Creek Ridge Farm
                              Trakehner Horses

                              Comment


                              • #16
                                Although I believe you said that boarding is not your primary goal I wanted to add my .02.

                                When I am shopping for a boarding facility the first thing I look at when stalls with paddocks are offered is the size of the paddock. If it's too narrow I'll opt out.
                                "Gypsy gold does not chink and glitter, it gleams in the sun and neighs in the dark"

                                Comment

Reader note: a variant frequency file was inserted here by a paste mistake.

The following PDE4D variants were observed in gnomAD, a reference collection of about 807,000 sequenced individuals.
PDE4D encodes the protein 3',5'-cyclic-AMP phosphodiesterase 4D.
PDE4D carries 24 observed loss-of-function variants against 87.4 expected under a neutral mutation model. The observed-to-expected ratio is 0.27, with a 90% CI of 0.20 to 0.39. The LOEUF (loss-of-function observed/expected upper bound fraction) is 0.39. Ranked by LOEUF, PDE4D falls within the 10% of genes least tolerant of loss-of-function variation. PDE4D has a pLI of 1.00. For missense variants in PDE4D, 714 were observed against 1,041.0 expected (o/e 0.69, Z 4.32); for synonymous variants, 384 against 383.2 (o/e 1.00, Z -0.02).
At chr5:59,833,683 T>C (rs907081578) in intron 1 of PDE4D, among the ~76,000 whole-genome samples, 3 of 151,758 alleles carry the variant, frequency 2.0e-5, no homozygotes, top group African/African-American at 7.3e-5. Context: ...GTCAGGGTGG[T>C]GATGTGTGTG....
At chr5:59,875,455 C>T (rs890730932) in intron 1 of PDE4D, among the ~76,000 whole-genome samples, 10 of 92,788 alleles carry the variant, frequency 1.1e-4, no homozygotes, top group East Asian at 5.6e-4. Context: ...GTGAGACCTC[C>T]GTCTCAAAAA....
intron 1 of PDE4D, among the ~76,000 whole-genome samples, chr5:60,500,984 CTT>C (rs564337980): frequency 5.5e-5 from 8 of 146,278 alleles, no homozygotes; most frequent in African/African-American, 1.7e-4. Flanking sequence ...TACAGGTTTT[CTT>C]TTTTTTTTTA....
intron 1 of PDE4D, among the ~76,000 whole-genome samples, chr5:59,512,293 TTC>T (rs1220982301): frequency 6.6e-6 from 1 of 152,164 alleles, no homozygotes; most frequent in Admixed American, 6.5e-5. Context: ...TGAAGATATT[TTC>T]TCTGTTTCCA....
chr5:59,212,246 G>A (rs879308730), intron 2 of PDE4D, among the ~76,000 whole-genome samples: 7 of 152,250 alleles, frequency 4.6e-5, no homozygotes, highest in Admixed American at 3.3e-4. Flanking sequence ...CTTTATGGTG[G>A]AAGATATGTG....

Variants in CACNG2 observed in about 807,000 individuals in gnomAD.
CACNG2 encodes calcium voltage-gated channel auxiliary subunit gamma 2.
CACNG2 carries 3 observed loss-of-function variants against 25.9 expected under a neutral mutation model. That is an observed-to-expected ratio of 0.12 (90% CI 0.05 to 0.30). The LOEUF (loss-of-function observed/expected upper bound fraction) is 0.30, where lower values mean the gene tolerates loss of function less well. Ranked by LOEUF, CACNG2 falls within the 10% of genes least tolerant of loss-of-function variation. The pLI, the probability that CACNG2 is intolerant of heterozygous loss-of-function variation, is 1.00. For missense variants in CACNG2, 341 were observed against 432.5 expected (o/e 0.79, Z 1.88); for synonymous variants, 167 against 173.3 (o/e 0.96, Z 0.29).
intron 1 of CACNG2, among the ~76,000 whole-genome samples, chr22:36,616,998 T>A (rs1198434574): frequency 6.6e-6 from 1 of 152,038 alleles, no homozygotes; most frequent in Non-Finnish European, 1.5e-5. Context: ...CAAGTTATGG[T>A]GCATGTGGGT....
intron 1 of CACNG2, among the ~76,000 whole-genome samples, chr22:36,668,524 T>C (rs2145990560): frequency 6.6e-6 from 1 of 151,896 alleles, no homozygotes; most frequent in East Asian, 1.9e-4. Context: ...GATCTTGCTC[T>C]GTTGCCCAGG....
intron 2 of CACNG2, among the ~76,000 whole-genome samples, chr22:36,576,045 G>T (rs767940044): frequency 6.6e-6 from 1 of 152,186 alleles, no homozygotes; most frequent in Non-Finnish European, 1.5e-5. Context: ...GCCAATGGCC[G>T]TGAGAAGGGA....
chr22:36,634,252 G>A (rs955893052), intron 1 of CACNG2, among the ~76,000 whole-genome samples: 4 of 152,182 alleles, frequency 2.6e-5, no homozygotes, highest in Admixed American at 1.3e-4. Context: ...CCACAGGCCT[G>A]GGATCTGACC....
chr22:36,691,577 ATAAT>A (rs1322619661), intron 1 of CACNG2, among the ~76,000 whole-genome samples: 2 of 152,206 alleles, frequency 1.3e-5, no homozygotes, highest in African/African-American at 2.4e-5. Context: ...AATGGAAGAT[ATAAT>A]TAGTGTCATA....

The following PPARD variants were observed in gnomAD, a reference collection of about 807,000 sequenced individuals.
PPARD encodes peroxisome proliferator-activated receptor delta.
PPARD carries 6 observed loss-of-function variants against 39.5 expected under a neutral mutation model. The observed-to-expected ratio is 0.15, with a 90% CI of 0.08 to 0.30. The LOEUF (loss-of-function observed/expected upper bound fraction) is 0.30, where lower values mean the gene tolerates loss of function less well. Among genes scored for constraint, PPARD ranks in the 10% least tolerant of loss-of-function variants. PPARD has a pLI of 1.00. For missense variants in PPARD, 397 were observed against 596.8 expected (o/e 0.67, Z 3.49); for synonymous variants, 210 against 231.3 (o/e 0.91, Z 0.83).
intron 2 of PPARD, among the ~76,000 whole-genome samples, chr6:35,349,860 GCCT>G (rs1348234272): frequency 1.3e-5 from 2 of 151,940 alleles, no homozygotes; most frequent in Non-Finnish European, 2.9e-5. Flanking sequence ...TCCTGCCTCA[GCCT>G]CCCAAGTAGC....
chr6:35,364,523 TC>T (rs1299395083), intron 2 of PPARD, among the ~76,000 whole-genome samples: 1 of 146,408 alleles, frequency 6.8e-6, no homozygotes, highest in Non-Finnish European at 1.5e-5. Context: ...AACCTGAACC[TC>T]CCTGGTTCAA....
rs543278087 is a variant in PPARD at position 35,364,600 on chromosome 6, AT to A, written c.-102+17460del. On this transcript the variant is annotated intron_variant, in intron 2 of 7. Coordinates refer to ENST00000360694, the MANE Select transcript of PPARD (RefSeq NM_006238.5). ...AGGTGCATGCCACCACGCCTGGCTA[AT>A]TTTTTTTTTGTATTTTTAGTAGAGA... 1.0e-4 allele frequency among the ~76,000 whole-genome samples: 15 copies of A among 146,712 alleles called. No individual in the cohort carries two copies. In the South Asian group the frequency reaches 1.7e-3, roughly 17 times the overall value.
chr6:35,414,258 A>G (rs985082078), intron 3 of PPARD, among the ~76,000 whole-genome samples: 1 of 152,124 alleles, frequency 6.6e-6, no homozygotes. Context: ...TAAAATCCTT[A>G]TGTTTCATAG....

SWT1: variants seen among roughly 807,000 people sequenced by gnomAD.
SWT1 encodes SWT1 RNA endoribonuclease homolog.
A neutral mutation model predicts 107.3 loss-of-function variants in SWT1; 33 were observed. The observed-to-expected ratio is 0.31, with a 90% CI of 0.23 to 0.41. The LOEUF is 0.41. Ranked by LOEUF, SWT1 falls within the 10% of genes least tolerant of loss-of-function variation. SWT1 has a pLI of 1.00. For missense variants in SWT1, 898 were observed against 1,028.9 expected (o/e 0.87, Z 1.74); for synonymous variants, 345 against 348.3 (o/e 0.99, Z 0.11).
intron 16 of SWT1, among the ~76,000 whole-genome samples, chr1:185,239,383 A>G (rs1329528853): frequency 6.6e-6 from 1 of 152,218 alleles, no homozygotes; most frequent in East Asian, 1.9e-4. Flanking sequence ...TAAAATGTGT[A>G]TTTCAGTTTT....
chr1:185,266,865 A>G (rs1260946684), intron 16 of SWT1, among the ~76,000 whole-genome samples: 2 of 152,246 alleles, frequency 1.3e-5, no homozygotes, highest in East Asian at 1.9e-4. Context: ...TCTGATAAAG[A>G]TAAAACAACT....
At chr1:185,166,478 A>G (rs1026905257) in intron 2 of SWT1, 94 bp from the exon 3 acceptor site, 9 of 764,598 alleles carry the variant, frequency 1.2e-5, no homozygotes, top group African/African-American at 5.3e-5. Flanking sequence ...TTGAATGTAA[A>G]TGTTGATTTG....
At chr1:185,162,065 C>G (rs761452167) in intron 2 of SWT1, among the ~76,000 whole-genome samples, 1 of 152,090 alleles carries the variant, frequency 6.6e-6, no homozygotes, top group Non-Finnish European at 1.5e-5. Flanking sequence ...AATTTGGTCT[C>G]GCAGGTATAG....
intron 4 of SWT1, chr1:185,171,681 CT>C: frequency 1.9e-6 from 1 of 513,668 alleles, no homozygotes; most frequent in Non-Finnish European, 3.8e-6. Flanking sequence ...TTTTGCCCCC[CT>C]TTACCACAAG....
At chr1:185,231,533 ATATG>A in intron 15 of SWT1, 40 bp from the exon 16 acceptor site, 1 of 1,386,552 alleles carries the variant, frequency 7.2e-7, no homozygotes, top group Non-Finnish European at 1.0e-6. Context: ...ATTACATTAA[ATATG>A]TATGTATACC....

• #17
                                  Direction of stall openings is a major factor to consider.

                                  Here in the north, if a stall opening faces west or north, in winter the winds are so strong, a horse would prefer to not be in the stall but in a more, if possible, protected place.

                                  So, when people say my horses stand out in the snow and rain, I think, yeah, cause they aren't dumb. It might seem bad to us, but inside their stall might actually be colder. So in reality, you are not really providing them with shelter. Technically, yes, but temp wise, no.
                                  save lives...spay/neuter/geld

                                  Comment


                                  • #18
                                    if I should just have 14x14 stalls that open out into a communal mud lot (this, however, would prevent them from being able to come and go as they please).